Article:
We are now into the second week of the new year and most people (hopefully) still have their resolutions firmly in mind but it’s from this point on that many fall by the wayside, and begin to slip. For some, this is enough to give up completely. But, if you have fallen off the wagon already, that’s fine. Get back on. Reassess your goals and begin anew. If you fall off the wagon in June, do the same thing. That’s the problem with new year’s resolutions, we think we can only make them in January, that’s why we need to make resolutions for a new year, and you can make these any time you like. Just keep your SMART objectives in mind and you can begin to make your new year’s resolution a new habit for the year.

Hanna

Contact me if you would like some help with any of the above: info@shapeupfitness.ie

Group Class Review – Horizons Montessori School

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From Horizons Montesorri School

After Christmas in Horizons all of the staff were feeling a little sluggish and finding it tricky to maintain the energy levels required to run around with our gorgeous little pupils, so we decided to call in help in the form of Hanna, our fitness guru!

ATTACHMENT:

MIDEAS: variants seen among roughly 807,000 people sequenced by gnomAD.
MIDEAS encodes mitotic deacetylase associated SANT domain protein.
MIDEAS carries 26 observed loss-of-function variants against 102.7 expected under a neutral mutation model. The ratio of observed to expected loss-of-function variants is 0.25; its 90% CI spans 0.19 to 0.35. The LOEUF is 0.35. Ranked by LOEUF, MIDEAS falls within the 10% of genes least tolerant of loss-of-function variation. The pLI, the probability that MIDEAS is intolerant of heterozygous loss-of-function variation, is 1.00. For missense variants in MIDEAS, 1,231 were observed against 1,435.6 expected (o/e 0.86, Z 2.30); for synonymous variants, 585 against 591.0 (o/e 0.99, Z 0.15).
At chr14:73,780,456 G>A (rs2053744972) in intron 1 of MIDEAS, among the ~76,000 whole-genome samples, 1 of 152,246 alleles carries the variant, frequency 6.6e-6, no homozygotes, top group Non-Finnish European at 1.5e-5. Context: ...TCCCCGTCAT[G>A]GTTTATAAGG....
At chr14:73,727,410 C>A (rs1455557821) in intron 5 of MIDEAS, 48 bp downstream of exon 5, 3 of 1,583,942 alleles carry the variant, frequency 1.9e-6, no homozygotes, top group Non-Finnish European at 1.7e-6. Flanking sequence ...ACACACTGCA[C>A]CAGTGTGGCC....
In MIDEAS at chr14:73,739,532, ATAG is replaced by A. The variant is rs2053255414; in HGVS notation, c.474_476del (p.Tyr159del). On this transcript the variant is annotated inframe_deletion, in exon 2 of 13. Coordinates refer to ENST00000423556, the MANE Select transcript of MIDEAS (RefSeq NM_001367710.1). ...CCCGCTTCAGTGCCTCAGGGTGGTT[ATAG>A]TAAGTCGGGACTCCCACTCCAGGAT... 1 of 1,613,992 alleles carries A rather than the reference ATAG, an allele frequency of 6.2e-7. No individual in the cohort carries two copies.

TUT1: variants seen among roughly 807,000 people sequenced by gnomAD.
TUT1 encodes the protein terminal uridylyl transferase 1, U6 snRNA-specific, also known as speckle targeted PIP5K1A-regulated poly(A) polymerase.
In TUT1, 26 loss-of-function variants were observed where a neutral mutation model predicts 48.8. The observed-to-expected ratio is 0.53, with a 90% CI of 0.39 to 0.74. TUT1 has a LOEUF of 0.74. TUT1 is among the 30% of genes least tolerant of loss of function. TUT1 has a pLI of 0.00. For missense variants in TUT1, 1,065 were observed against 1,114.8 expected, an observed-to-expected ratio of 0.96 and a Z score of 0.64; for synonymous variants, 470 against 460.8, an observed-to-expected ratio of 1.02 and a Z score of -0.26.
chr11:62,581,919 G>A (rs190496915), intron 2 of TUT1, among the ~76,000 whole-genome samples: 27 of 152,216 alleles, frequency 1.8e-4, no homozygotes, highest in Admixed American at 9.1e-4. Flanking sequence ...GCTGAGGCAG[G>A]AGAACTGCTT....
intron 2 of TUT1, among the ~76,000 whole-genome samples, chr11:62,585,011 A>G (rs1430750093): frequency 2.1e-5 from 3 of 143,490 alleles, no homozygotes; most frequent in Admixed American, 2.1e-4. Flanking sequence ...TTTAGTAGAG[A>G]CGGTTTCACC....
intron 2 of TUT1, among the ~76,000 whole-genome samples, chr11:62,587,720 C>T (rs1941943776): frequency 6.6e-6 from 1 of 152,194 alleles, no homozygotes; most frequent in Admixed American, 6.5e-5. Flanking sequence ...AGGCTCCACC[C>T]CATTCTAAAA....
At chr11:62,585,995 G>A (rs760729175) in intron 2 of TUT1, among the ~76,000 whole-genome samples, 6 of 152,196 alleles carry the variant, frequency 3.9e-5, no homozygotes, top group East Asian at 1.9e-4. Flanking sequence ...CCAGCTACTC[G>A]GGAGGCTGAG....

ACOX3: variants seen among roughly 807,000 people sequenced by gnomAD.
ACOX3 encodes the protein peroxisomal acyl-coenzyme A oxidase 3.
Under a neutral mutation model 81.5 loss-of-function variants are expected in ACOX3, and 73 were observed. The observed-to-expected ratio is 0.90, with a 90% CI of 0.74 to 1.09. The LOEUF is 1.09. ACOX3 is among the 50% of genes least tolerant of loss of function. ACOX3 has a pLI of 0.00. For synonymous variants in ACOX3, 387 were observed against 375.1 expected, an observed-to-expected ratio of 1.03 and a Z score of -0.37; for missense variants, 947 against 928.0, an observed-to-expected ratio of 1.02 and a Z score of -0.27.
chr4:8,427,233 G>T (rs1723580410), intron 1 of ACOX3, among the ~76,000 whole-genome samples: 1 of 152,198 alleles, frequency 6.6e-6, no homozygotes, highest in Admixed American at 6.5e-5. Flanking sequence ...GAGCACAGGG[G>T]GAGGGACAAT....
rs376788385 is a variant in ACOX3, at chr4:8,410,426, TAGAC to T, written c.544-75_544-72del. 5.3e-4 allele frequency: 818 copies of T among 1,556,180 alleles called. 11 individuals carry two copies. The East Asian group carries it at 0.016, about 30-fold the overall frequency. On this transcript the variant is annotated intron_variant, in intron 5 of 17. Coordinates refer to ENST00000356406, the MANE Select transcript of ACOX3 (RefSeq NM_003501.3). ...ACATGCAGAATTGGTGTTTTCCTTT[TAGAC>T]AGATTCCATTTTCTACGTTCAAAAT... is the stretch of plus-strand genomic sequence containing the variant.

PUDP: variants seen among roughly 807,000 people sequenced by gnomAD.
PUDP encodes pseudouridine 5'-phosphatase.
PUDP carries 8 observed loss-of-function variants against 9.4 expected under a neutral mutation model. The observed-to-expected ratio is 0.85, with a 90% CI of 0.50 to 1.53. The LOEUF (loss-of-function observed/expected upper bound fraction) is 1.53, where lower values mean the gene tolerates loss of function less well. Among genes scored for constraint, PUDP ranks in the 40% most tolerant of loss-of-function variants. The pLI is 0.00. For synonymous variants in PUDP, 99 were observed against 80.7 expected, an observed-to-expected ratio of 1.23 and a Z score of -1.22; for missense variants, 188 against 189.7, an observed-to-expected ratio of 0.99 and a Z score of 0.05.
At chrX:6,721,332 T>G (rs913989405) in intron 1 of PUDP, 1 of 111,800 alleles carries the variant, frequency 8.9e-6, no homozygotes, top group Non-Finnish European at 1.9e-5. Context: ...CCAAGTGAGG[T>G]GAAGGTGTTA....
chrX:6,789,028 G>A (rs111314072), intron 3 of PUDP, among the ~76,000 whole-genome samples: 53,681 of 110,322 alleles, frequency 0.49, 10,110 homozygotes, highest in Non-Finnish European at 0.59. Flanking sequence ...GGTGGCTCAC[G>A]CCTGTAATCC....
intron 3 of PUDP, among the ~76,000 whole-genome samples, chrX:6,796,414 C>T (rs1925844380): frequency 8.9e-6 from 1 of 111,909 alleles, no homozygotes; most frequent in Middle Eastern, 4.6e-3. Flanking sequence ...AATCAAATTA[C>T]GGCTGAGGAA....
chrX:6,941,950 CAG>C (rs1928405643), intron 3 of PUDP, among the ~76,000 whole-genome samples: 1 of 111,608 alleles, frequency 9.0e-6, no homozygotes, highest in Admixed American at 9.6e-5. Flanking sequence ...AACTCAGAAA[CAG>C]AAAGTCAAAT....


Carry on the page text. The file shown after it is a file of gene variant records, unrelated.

Hanna soon had us laughing and moving and put that pep back in our step. We all loved the classes, not only did every muscle ache at the end of each session so you knew you had worked hard, but it was the variety in every class. No two classes were ever the same, Hanna always had something new, from boxing to resistance bands, from squats to lunges, we never knew what would happen next. This is the reason why we all lookedforward to each week, and we could all see and feel the difference, very quickly.